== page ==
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Is the water unsafe in America’s schools? Meghan Hollis talks with Charly Butcher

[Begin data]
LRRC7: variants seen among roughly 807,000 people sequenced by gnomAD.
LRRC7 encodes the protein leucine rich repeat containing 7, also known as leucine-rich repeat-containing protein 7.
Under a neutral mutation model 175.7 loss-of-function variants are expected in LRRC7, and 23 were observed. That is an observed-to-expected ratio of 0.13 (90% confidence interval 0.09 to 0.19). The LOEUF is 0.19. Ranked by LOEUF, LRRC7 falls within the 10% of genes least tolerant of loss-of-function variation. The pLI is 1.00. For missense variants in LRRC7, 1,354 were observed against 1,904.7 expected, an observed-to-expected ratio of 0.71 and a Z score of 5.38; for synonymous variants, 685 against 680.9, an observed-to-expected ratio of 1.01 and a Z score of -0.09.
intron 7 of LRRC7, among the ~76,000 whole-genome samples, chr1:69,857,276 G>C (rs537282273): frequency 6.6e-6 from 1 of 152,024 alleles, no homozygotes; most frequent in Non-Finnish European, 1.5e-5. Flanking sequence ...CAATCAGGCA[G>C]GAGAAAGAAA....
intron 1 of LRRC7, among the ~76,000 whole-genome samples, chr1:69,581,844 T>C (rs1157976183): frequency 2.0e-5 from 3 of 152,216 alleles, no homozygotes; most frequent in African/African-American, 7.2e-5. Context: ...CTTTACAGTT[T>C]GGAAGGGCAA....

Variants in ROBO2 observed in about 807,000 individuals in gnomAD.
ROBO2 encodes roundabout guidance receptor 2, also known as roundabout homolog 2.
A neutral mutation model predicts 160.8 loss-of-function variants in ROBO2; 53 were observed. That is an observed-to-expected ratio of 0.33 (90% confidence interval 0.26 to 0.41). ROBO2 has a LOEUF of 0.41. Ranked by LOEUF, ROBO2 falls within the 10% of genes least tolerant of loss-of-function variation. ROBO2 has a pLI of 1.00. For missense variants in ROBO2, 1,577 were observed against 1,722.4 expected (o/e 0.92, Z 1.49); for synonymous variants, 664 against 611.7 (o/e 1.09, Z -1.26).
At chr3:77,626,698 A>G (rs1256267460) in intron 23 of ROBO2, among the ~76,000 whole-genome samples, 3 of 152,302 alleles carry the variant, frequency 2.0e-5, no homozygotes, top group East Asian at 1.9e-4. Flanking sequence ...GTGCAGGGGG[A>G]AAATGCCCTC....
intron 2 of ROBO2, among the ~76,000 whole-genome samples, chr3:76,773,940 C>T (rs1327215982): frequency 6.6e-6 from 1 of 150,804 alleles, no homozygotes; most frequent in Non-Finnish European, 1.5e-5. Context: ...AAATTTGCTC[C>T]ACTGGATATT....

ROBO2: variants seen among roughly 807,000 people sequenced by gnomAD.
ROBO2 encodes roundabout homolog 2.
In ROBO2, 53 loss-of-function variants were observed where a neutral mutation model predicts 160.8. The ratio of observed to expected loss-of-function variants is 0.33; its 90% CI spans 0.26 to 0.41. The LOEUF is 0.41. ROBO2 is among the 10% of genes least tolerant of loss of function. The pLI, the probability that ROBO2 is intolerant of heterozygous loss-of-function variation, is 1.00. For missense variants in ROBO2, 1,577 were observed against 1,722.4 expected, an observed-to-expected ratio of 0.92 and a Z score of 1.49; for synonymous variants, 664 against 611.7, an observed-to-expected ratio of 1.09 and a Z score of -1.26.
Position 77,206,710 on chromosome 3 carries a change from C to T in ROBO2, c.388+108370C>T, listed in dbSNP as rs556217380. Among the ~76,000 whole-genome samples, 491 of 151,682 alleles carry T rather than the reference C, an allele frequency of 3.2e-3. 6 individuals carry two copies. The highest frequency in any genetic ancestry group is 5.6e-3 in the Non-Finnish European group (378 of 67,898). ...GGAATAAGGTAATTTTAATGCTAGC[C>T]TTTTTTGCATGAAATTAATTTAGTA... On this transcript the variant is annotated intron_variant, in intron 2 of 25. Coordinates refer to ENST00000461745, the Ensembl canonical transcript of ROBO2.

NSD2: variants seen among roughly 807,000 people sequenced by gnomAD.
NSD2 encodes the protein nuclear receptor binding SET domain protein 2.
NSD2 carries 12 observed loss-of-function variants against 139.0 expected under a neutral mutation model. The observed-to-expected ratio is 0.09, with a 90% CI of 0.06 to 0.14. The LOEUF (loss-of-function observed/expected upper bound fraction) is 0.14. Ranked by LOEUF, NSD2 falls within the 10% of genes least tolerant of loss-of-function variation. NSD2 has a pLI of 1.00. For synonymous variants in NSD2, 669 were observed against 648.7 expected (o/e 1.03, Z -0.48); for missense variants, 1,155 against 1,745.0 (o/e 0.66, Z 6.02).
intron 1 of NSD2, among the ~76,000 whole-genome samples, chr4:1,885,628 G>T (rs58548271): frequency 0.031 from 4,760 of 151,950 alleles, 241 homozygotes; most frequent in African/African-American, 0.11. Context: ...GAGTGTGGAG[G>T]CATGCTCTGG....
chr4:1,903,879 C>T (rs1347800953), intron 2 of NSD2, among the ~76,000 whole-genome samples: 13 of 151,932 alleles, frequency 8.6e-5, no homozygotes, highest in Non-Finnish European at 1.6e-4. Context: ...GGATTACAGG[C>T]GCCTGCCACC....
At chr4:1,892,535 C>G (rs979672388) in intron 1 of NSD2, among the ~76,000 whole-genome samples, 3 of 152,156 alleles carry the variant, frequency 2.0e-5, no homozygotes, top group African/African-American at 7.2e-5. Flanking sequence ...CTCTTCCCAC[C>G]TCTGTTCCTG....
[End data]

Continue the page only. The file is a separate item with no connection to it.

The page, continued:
In response to the water crisis in Flint, Michigan, school officials across the country are testing classroom sinks and cafeteria faucets for lead. Just a fraction of schools and day care centers across the United States are required to check for lead because most receive their water from municipal systems that test at separate locations, but state and federal lawmakers have called for wider testing. Among those schools and day care centers operating their own water systems, Environmental Protection Agency data analyzed by the Associated Press showed that 278 violated federal lead levels at some point during the past three years. Around one third of these locations had lead levels that were at least double the federal limit. In many of the cases, the problems can be traced to aging buildings with lead pipes, older drinking fountains, and water fixtures that have parts made with lead. Recently, state lawmakers in New Jersey and Pennsylvania have proposed legislation that would require resting in all schools and some members of Congress have called for more money and expanded lead sampling.  Expert in Predictive Analytics, Dr. Meghan Hollis joins Charly Butcher on “Fort Wayne’s Morning News” to discuss the problem.

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